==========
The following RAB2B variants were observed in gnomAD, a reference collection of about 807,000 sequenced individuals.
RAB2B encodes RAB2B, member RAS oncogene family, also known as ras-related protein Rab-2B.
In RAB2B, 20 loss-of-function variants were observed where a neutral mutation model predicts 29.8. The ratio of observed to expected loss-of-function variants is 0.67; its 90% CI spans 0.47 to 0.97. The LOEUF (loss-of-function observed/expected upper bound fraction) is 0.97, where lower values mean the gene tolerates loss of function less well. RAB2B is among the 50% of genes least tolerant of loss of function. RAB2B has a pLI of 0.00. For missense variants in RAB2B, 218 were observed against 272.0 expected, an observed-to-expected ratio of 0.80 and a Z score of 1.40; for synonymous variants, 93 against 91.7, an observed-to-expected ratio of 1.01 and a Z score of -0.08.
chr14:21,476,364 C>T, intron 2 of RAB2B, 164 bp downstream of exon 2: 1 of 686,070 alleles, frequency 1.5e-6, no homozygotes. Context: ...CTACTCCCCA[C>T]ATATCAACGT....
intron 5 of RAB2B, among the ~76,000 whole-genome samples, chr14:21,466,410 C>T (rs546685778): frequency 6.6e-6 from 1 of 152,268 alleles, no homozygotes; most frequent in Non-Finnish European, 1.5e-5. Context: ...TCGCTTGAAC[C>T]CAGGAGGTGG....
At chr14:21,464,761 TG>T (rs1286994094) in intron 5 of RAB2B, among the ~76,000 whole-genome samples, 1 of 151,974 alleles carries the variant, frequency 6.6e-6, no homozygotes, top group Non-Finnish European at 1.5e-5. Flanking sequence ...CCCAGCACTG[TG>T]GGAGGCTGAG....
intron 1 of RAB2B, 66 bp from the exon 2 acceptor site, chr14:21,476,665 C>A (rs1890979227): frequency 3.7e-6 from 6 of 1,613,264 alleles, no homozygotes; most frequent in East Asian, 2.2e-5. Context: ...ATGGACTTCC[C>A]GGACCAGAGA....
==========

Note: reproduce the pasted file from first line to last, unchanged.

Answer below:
The following RAB2B variants were observed in gnomAD, a reference collection of about 807,000 sequenced individuals.
RAB2B encodes RAB2B, member RAS oncogene family, also known as ras-related protein Rab-2B.
In RAB2B, 20 loss-of-function variants were observed where a neutral mutation model predicts 29.8. The ratio of observed to expected loss-of-function variants is 0.67; its 90% CI spans 0.47 to 0.97. The LOEUF (loss-of-function observed/expected upper bound fraction) is 0.97, where lower values mean the gene tolerates loss of function less well. RAB2B is among the 50% of genes least tolerant of loss of function. RAB2B has a pLI of 0.00. For missense variants in RAB2B, 218 were observed against 272.0 expected, an observed-to-expected ratio of 0.80 and a Z score of 1.40; for synonymous variants, 93 against 91.7, an observed-to-expected ratio of 1.01 and a Z score of -0.08.
chr14:21,476,364 C>T, intron 2 of RAB2B, 164 bp downstream of exon 2: 1 of 686,070 alleles, frequency 1.5e-6, no homozygotes. Context: ...CTACTCCCCA[C>T]ATATCAACGT....
intron 5 of RAB2B, among the ~76,000 whole-genome samples, chr14:21,466,410 C>T (rs546685778): frequency 6.6e-6 from 1 of 152,268 alleles, no homozygotes; most frequent in Non-Finnish European, 1.5e-5. Context: ...TCGCTTGAAC[C>T]CAGGAGGTGG....
At chr14:21,464,761 TG>T (rs1286994094) in intron 5 of RAB2B, among the ~76,000 whole-genome samples, 1 of 151,974 alleles carries the variant, frequency 6.6e-6, no homozygotes, top group Non-Finnish European at 1.5e-5. Flanking sequence ...CCCAGCACTG[TG>T]GGAGGCTGAG....
intron 1 of RAB2B, 66 bp from the exon 2 acceptor site, chr14:21,476,665 C>A (rs1890979227): frequency 3.7e-6 from 6 of 1,613,264 alleles, no homozygotes; most frequent in East Asian, 2.2e-5. Context: ...ATGGACTTCC[C>A]GGACCAGAGA....